Reloading the 303

Discussion in 'Enfield Rifles' started by Pollux74, Sep 16, 2010.

  1. Pollux74

    Pollux74 G&G Addict

    OK, now I am not being lazy, I am doing my homework and I will do some more.

    I understand that when it comes to reloading, the most common answer is read manuals.... well let's say I want to get started on this... where do I start ?

    In the mail is the lee classic loader (since Alan said he is using it I figured it had to not be too bad ;))

    I am looking around for bullets and powder.

    I am taking my gun hunting deer, so I figured this: the bullet should be 150gr and soft point.
    I need to make quite a bit so I can use them to play at the range with a scope...

    What do you guy think ? Am I on the right track ?

    I am taking powder type/brand and bullet type/brand suggestion that will get me started quickly

    i'll figure out the rest with manuals later when I decide this is something I like to do and want to tune up better my reloads.
     
  2. lefty o

    lefty o G&G Evangelist

    9,224
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    mn
    you need a manual, and need to read it front to back before considering loading cartridge #1. for my .303's i use IMR 4064.
     

  3. Pollux74

    Pollux74 G&G Addict

    thanks
    I understand the concept of reading manuals.... I always do my homework...

    I guess my question was more to point me in the right direction
     
  4. cold queso

    cold queso G&G Regular

    I've had good luck with Speer 150s and H4895....
     
  5. Palladin8

    Palladin8 G&G Evangelist

    Stephan,

    You can look on Hogdon's website for their reloading information. I have loaded up some hornandy 150gr using blc (2) powder. I haven't had a chance to shoot them as I have been very busy with work. The nice thing about that website is they use most common bullet manufactures and many different powders.
    And when your reloading equipment arrives you can read your manual through a few times.
     
  6. The reloading manuals tend to be fairly generic but the best thing about them is the word "SAFETY".

    When reloading do not have the TV or radio on, do not answer the telephone, keep the wife and kids out of the way, its pretty easy to double-charge a case if you are distracted.
    Almost as bad is missing a charge - the primer may just have enough 'umpf' to seat the bullet in the barrel and then you'll have a blocked barrel - next shot will see the barrel explode.

    Get the "One Book / One Caliber" reloading manual for the 303 British

    www.loadbooks.com

    I use H4895 powder.
    I've tried 125gr and 150gr bullets with little success (accuracy) I think that being so 'short' they are not engaging the rifling in a stabilised condition.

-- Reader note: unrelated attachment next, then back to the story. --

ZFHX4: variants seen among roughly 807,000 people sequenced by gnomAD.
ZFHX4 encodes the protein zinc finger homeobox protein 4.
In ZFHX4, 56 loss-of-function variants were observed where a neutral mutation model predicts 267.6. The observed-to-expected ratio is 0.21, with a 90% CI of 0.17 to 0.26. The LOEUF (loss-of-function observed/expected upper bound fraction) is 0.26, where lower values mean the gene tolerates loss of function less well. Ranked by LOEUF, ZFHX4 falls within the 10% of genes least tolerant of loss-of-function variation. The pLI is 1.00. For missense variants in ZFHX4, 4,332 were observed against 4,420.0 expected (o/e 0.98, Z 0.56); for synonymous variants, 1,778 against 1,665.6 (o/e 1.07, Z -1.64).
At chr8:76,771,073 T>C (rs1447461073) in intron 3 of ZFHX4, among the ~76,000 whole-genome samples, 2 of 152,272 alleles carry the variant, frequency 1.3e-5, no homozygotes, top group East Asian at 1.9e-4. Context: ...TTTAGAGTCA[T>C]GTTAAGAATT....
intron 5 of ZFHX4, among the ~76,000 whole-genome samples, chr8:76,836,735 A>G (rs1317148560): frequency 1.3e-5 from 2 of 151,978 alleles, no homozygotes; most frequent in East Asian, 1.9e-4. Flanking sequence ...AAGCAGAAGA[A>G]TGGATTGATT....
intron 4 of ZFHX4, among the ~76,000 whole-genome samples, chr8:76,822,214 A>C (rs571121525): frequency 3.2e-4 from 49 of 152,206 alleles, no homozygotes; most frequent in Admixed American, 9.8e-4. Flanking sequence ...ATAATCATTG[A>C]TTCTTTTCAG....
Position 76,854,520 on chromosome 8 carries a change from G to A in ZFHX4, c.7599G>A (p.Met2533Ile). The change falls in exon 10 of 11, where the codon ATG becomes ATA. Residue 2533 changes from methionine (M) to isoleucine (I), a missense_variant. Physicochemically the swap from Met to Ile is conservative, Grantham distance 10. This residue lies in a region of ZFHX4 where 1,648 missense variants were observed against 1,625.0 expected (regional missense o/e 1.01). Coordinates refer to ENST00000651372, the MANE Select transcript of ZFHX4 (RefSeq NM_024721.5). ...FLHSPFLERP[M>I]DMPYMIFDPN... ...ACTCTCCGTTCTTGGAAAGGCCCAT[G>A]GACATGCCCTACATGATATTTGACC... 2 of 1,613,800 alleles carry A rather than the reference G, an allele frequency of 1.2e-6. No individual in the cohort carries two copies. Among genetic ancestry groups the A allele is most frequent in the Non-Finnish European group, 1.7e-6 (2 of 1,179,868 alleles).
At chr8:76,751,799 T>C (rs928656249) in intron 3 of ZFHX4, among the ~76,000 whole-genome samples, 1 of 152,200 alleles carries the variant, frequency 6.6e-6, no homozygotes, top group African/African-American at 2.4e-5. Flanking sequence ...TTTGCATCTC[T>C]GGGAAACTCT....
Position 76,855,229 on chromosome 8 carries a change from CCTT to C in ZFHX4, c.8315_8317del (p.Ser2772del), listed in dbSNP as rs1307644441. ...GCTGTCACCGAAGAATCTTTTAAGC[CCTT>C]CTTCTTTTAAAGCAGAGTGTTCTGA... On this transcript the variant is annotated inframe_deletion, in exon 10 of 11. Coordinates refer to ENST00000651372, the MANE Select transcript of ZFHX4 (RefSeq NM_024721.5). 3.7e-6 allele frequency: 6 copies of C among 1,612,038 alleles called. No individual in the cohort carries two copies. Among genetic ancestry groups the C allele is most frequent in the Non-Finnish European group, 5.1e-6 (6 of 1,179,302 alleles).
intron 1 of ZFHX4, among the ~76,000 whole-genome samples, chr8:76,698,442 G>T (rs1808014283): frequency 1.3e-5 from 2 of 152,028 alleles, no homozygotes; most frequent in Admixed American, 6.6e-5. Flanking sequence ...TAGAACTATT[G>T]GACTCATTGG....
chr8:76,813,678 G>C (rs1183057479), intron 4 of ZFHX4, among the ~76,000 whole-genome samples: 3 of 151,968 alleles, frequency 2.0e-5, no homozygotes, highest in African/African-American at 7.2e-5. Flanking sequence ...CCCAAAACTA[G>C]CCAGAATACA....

7. mdj696

    mdj696 G&G Evangelist

    They should print a book, SAFETY for reloading. I too use IMR4064 too. Good for a lot other calibers.
     
  8. lefty o

    lefty o G&G Evangelist

    9,224
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    haha, they do print a book safety for reloading. its the first 1/4 of every reloading manual.
     
  9. texnmidwest

    texnmidwest Sir Loin of Beef Forum Contributor

    For supplies, Graf and Sons, wideners, powder valley to name a few.
     
  10. I use a Lee Classic Loader for my .303 as well. I use a .311 150gr Sierra Pro-Hunter over 38gr of H4895 in Prvi Partizan brass set to 2.95 O.A.L. I get about 1.5" groups at 50 yards with open sights...factory ammo gives me about 2-2.5". The factory ammo shoots right on but my reloads shoot 3" high with the rear sight set as low as it goes....not sure why but it makes me a little mad.
     
  11. mdj696

    mdj696 G&G Evangelist

    Safety

     
  12. samuel

    samuel G&G Newbie

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    Usually the main cause of reloads printing high at short range is they don't have the velocity that the factory loads have.This can be checked with a chronograph.What happens is being charged at lower pressure than the factory rounds and having less velocity going down the barrel,the barrel has more time to rise making the bullet print higher.You should be able to check your load book too and see what velocity you should be getting.Some of those old milserps had oversize bores too causing gas loss.Slugging the bore with a splitshot sinker might show something too.And some bullets just go to different places than others.
     
  13. MJ11

    MJ11 G&G Enthusiast

    174g SMK + 4064
    [​IMG]

    150g Sierra Game King + 4895
    [​IMG]

    168g SMK + 4064
    [​IMG]

    Rest and start over.